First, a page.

CCSS Standards 11-12

Reading Literature

 Key Skills  Specific or Recommended Texts
Key Ideas and Details    
Cite strong and thorough textual evidence to support analysis of what the text says explicitly as well as inferences drawn from the text, including determining where the text leaves matters uncertain.
  • Cite evidence
  • Make inferences
POETRY

  • “Ode on a Grecian Urn” by John Keats (1820)
  • “Because I Could Not Stop for Death” by Emily Dickinson (1890)
  • Shakespeare
  • 18th-century
  • 19th-century
  • 20th-century

 

Determine two or more themes or central ideas of a text and analyze their development over the course of the text, including how they interact and build on one another to produce a complex account; provide an objective summary of the text.
  • 2 or more themes in one text
  • Analyze how they interact
NOVEL

  • Jane Eyre by Charlotte Brontë (1848)
  • The Great Gatsby by F. Scott Fitzgerald (1925)
  • Their Eyes Were Watching God by Zora Neale Hurston (1937)
  • The Namesake by Jhumpa Lahiri (2003)
  • 18th-century
  • 19th-century
  • 20th-century

 

Analyze the impact of the author’s choices regarding how to develop and relate elements of a story or drama (e.g., where a story is set, how the action is ordered, how the characters are introduced and developed).
  • Analyze author’s choices
    • o Setting
    • o Plot order
    • o Development of characters
DRAMAA Raisin in the Sun by Lorraine Hansberry (1959)American dramatist

  • 18th-century
  • 19th-century
  • 20th-century
Craft and Structure    
Determine the meaning of words and phrases as they are used in the text, including figurative and connotative meanings; analyze the impact of specific word choices on meaning and tone, including words with multiple meanings or language that is particularly fresh, engaging, or beautiful. (Include Shakespeare as well as other authors.)
  • Analyze how words used in context
  • Figurative language
  • Connotation
  • Meaning
  • Tone

 

NONFICTION

  • Common Sense by Thomas Paine (1776)
  • The Federalist Papers
  • Walden by Henry David Thoreau (1854)
  • “Society and Solitude” by Ralph Waldo Emerson (1857)
  • “The Fallacy of Success” by G. K. Chesterton (1909)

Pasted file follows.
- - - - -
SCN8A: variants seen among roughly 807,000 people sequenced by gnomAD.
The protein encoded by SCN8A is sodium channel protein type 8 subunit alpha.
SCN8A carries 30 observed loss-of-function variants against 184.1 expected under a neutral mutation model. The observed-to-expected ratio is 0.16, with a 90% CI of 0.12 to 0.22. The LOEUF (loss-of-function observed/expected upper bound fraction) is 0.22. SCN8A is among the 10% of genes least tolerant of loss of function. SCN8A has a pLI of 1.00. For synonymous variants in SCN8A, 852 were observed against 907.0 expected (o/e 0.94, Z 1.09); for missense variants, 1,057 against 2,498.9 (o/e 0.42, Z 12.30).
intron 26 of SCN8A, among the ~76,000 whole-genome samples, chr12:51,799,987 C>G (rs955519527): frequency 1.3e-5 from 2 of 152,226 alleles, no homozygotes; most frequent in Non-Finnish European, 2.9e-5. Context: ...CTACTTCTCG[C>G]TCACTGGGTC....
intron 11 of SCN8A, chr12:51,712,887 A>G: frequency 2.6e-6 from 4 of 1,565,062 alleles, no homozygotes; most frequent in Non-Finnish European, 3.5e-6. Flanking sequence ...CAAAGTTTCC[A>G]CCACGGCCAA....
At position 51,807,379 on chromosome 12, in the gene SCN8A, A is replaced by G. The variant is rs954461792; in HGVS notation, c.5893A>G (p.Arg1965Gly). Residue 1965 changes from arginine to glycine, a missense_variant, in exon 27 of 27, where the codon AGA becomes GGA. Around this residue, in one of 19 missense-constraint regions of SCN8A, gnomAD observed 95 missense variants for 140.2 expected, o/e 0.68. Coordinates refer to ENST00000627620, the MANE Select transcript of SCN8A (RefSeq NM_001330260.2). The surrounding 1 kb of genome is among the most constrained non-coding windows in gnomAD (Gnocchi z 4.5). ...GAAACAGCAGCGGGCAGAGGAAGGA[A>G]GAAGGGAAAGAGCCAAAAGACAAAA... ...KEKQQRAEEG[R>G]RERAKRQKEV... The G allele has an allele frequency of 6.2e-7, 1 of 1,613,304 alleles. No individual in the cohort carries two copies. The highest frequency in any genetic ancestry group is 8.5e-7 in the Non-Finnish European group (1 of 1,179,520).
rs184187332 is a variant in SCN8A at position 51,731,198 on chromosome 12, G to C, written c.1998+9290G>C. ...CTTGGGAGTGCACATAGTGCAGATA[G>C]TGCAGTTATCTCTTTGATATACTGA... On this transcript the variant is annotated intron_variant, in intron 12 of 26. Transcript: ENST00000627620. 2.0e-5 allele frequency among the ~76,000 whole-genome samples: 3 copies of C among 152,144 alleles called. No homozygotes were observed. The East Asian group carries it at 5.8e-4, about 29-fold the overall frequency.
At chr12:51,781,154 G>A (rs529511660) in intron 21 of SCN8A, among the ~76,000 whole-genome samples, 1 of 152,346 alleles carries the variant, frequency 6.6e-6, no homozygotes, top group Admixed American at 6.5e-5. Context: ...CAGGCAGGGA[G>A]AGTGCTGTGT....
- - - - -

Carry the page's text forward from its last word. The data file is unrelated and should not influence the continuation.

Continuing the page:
• Black Boy by Richard Wright (1945)
  • “Politics and the English Language” by George Orwell (1946)
  • “Take the Tortillas Out of Your Poetry” by Rudolfo Anaya (1995)
  • 18th-century
  • 19th-century
  • 20th-century
Analyze how an author’s choices concerning how to structure specific parts of a text (e.g., the choice of where to begin or end a story, the choice to provide a comedic or tragic resolution) contribute to its overall structure and meaning as well as its aesthetic impact.
  • Analyze structure
  • Analyze type of ending
  • How do these fit into the bigger picture
Seminal U.S. Documents

  • U.S. Supreme Court majority opinions and dissents
  • Premises, purposes, and arguments in works of public advocacy (e.g., The Federalist)
  • Presidentialaddresses
  • The Declaration of Independence
  • Preamble to the Constitution
  • Bill of Rights
  • Lincoln’s Second Inaugural Address
Analyze a case in which grasping point of view requires distinguishing what is directly stated in a text from what is really meant (e.g., satire, sarcasm, irony, orunderstatement).
  • Point of view
  • Satire, sarcasm, irony
 
Integration of Knowledge and Ideas    
Analyze multiple interpretations of a story, drama, or poem (e.g., recorded or live production of a play or recorded novel or poetry), evaluating how each version interprets the source text. (Include at least one play by Shakespeare and one play by an American dramatist.)
  • Analyze two or more interpretations of the same text